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Say I put a bunch of powerful square magnets on a nearly frictionless table in a disordered fashion. The second law of thermodynamics states that the system shall spontaneously get more disordered, yet the magnets will attract each other and form a chain (typically), thereby increasing the order of the system-and, seemingly, decreasing its entropy.

It would seem to me that the system is closed and the lattice is indeed the equilibrium state. Therefore, I suspect that by attracting each other, the magnets increase their own entropy by a larger amount than the decrease in entropy caused by the lattice formation. Is it true? If yes, what are the thermodynamics of magnets responsible for this? Is there a microscopic explanation?


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If the distance of those magnets is big enough, there will be no magnetic interaction above static friction, nothing will happen at all. For the rest: without giving the lateral magnetisation of those magnets and the relative oriantation of the magnets the question makes no sense. –  Georg Dec 6 '11 at 12:40
The question makes complete sense, this is a thought experiment, and no specific details are required except for the fact that these magnets are within attraction distance and the static friction is very small (much smaller than the magnetic force). –  Greg Dec 6 '11 at 12:54

3 Answers 3

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The magnets will indeed attract each other. This attraction will put them in motion, and they will head towards each other, converting electromagnetic energy into kinetic energy. Then they will collide, and loose their kinetic energies in the collision, finally coming to rest in a more ordered, low-energy state.

In terms of energy, the outcome of the experiment is that you have converted electromagnetic energy into heat: the heat released in the collisions. This conversion creates far more entropy than the entropy lost by arranging the magnets in a more ordered fashion.

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I don’t completely disagree with genneth’s answer, but I find the term “damping” to be too generic to provide a physical understanding of what is really going on. It’s not the friction on the table (as it’s assumed to be nearly frictionless), and it certainly is not the electromagnetic emission that damp most of the energy. The real culprits are the collisions between the magnets. –  Edgar Bonet Dec 8 '11 at 16:09
I can consider a small enough perturbation to the equilibrium state (the lattice), which is more disordered, and they will move back to the equilibrium state without any collisions! So the real culprit cannot be collisions. –  Chris Gerig Dec 9 '11 at 10:14
@Chris Gerig: Sure, but then you are talking about a different thought experiment. –  Edgar Bonet Dec 9 '11 at 13:24

It's actually a nice example of why the 2nd law is useful: if you go around trying to account in microscopic detail the balance of things like energy and entropy, then you can easily go wrong. I used to have a student who would do this all the time; I don't know if he ever learnt the lesson...

In this specific case, you neglected damping --- without it, you would never come to an equilibrium and the 2nd law does not apply. With damping, you necessarily dissipate heat, and that loss will more than make up for the macroscopic ordering. This dissipation can be either mechanical friction, or (as an example of why you would be wrong about this situation being "closed") electro-magnetic --- oscillating dipoles emit radiation!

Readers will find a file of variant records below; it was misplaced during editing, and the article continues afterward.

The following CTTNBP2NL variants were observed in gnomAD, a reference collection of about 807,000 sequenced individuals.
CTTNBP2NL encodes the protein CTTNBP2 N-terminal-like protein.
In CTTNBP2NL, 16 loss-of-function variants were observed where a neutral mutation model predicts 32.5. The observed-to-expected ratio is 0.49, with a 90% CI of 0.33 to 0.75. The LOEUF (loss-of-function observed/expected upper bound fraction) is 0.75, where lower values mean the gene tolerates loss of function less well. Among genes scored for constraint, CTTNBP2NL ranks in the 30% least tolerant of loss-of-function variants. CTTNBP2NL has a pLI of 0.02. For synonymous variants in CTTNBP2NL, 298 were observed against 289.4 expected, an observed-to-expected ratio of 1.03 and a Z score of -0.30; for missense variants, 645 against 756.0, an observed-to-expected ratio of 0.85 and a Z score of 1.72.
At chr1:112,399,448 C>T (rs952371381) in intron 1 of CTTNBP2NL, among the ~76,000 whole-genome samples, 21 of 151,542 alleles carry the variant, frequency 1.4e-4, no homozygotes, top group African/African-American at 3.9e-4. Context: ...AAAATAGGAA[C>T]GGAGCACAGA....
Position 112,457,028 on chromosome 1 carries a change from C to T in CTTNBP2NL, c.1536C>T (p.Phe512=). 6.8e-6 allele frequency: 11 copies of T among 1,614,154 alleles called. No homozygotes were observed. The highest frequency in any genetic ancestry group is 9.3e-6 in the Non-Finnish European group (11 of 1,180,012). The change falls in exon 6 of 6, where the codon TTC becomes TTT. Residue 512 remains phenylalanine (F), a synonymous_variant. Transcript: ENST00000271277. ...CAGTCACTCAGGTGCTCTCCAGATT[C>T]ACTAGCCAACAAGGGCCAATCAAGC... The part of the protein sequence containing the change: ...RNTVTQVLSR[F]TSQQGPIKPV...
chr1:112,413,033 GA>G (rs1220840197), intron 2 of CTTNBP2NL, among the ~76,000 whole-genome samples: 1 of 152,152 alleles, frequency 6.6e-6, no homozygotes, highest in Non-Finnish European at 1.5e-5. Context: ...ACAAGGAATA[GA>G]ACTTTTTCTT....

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Excellent answer! Took me a while to figure why damping was an argument, but it is indeed the case. At first I was thinking only of the mechanical friction with the ground. –  Greg Dec 6 '11 at 14:26
So You can explain how this attraction by "square" magnets works? –  Georg Dec 6 '11 at 17:01
that does not matter, if you had ever played with free-standing permanent magnets (regardless of their shape), you would have noticed that their original orientation does not matter: the repulsive state is an unstable equilibrium point, and whenever they are close enough to repel each other, they align and attract each other. Anyway, that's not the point of the question, as genneth could easily understand. If you are really interested in that question, I am sure you will be able to set up a very nice experiment: apexmagnets.com –  Greg Dec 6 '11 at 21:05
So You do not know the lateral magnetisation of that magnets? And BTW when You try to set up a meaningful "thought" experiment, do not waste time by using some physical effect You are not really shure of. Just demand some attaction between the units, and demand fluid friction for their movement. Nobody needs some "real" implementation for a thought experiment. –  Georg Dec 6 '11 at 22:12
Good point indeed, but that's stackexchange.com, not Applied Physics Letter, and you're more than welcome to update my question if it does not reach your own quality requirements. –  Greg Dec 6 '11 at 23:15

Consider this for an outrageous answer,

since it is impossible to have an isolated system, hence the magnetic field of the bar magnets in the scattered state interacts with the system around it and will cause some increase in entropy,

Now the magnets align to form a larger and stronger magnet which interacts with its surroundings in a more agressive way compared to the previous case, hence increasing the entropy of the system,

DAmping is the major factor which is increasing disorder here, but this factor will also contribute so small , yet non zero amount to the entire entropy increase.

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